smoke detectors

Smoke Detector Sensitivity Testing

Your fire safety system depends on the accurate detection of smoke by your smoke detectors. In order to ensure your smoke detectors are working properly, and able to protect your people and assets, you must have sensitivity testing completed on a regular basis.

Smoke detectors are designed to function effectively within a specific range of sensitivity to smoke. This range is set by the manufacturer and the devices are required by NFPA to be tested regularly to ensure they remain within it. If a smoke detector is not as sensitive as it should be, then it may not react as quickly as it should to a fire. However, if the smoke detector is too sensitive, then you could have recurring nuisance alarms.

There are several options for performing sensitivity tests on smoke detectors. Sensitivity tests can be conducted by a recognized, calibrated test method with smoke or listed aerosol, or with equipment specifically designed for calibrating sensitivity in smoke detectors. There are listed control equipment arranged to perform sensitivity ranges and calibrated sensitivity test instruments designed by the smoke detector manufacturers. You can also use a combination smoke detector/control unit where the detector causes a signal at the control panel unit when its sensitivity is outside its listed sensitivity ranges.

During sensitivity testing, if a detector fails, it will need to be cleaned and retested. Cleaning smoke detectors should be left to your Life Safety Partner, as they will clean the smoke detector screen and chamber using a non-electrostatic vacuum specifically designed to prevent damage to the detector. After cleaning, the detector will be retested, if it fails again then it needs to be removed from service.

Sensitivity testing must be completed within one year of installation and every other year after that. After the second test, if the detector is within its listed sensitivity range for two consecutive tests, then the next sensitivity test is required in five years.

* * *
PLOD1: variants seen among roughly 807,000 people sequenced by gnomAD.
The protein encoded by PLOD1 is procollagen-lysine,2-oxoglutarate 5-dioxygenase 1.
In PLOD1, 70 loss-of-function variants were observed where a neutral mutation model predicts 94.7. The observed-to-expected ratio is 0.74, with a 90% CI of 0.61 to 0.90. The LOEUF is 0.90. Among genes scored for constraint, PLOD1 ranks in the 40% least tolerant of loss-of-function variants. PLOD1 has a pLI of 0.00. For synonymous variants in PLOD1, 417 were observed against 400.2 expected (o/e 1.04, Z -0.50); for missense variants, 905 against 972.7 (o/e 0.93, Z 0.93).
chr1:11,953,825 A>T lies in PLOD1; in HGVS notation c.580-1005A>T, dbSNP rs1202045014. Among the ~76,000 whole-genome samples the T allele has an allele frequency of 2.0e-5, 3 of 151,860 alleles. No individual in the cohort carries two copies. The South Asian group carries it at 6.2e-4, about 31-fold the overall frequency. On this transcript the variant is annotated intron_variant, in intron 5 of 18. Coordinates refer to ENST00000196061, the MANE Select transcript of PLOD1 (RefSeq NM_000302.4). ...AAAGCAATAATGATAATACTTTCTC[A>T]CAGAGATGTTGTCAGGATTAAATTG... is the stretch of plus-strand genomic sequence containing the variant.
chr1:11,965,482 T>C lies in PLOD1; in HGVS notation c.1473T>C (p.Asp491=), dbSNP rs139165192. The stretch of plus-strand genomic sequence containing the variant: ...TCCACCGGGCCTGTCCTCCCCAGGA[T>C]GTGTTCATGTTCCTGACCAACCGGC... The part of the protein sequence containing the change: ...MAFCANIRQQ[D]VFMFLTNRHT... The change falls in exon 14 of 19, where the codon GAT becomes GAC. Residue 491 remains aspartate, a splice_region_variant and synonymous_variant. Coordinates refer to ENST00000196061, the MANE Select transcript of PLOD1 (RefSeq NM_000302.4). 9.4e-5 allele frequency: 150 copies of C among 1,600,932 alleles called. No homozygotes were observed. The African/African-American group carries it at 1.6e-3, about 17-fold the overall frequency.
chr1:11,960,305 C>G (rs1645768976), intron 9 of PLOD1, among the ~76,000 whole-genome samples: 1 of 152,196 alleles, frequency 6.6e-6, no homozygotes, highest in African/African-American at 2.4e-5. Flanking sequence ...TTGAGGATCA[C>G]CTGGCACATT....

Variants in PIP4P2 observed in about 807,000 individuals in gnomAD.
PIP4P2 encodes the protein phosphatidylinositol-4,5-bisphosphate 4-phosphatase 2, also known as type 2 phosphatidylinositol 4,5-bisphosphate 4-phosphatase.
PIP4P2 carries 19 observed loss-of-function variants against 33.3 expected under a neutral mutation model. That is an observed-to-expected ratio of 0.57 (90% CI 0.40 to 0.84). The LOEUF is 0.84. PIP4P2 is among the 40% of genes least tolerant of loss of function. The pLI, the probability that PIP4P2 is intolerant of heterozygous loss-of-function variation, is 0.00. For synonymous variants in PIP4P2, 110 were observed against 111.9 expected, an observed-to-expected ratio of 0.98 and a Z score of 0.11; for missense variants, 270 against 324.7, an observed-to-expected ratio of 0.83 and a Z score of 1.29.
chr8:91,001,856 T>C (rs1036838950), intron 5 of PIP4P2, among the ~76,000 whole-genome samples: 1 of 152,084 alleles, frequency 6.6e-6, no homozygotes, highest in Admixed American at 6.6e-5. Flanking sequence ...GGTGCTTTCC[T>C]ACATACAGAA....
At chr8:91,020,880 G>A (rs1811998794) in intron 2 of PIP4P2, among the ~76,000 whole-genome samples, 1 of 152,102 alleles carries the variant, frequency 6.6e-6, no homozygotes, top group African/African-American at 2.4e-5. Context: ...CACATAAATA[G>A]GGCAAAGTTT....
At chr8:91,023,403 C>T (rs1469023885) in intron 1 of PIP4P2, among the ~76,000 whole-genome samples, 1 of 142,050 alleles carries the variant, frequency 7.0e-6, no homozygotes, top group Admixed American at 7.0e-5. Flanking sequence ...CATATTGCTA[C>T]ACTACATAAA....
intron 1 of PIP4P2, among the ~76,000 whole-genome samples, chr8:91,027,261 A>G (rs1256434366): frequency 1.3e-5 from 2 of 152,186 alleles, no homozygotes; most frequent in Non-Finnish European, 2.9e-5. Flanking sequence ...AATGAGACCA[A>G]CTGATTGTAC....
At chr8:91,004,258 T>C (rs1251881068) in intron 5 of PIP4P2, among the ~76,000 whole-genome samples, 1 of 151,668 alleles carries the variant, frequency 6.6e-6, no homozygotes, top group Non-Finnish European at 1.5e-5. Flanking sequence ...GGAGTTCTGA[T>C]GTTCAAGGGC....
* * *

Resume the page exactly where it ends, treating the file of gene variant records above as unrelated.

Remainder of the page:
A1 is a leading expert on the latest technology in life safety. To find out more information or to ask a question, click here or call us at 1-800-859-6198.

Nick Duke
Nick Duke

Are You Sprinkler Savvy or Sprinklerstitous?

Sprinkler Savvy or Sprinklerstitious? Take This Test to Find Out.

There’s a lot of misinformation about fire sprinkler systems out there. Do you have the right information, or are you sprinklerstitious too?

Answer true or false to these statements. Scroll down for the answers and explanations to see how much you know!

1. Water damage from a sprinkler system costs more than the fire damage it prevents

2. Only one or two sprinkler heads go off when there’s a fire.

3. All you need is a smoke detector to save lives.

4. Sprinklers were designed to protect property, not so much lives.

5. Sprinklers don’t add too much additional cost to construction projects.

6. New buildings are much safer than older buildings.

7. Sprinkler systems can work fine in freezing temperatures.

8. Smoke detectors don’t set sprinklers off.

9. Smoke detectors will not put out a fire.

10. Most insurance companies value the use of fire sprinkler systems.

True or False Sprinkler Test Answers.

1. False. Water damage from a sprinkler will be much less severe than fire damage. Think of it this way, would you rather have your building get a little wet or let it burn to the ground.

2. True. Contrary to Hollywood portrayals, each sprinkler is individually activated. Only those affected by heat at 165 degrees will activate.

3. False. Smoke detectors save lives in offering a warning to get out. For people that have trouble moving, like the elderly, a sprinkler system will put out a fire early and keep everyone safe.

4. False. Sprinklers will protect both lives and property. In fact, statistics show that there has never been any multiple loss of life in a fully sprinklered building.

5. True. Sprinklers costs about 1-2% of the total construction costs. They are comparable to carpet costs, paved driveways, or adding a whirlpool bath.

6. False. Newer construction techniques make a facility much more susceptible to fire. You can learn more information from NFPA here.

7. True. With the right equipment, sprinkler systems will work fine in cold temperatures. You may need a dry pipe or preaction system as an alternative to water filled pipes.

8. True. Detectors are there to sense a fire and talk back to the panel. The panel will sound an alarm and notify the necessary parties to handle the emergency. Detectors will not set off the sprinklers.

9. False. Again, detectors offer warning, but will not put out any fires. You need some sort of suppression equipment for that.

10. True. Insurance companies will sometimes lower the value of your premiums and some are leading advocates for sprinkler systems.

So, are you sprinkler savvy, or sprinklerstitous? Do you have more questions? Click here to contact us.

 

Joseph Reynolds
Joseph Reynolds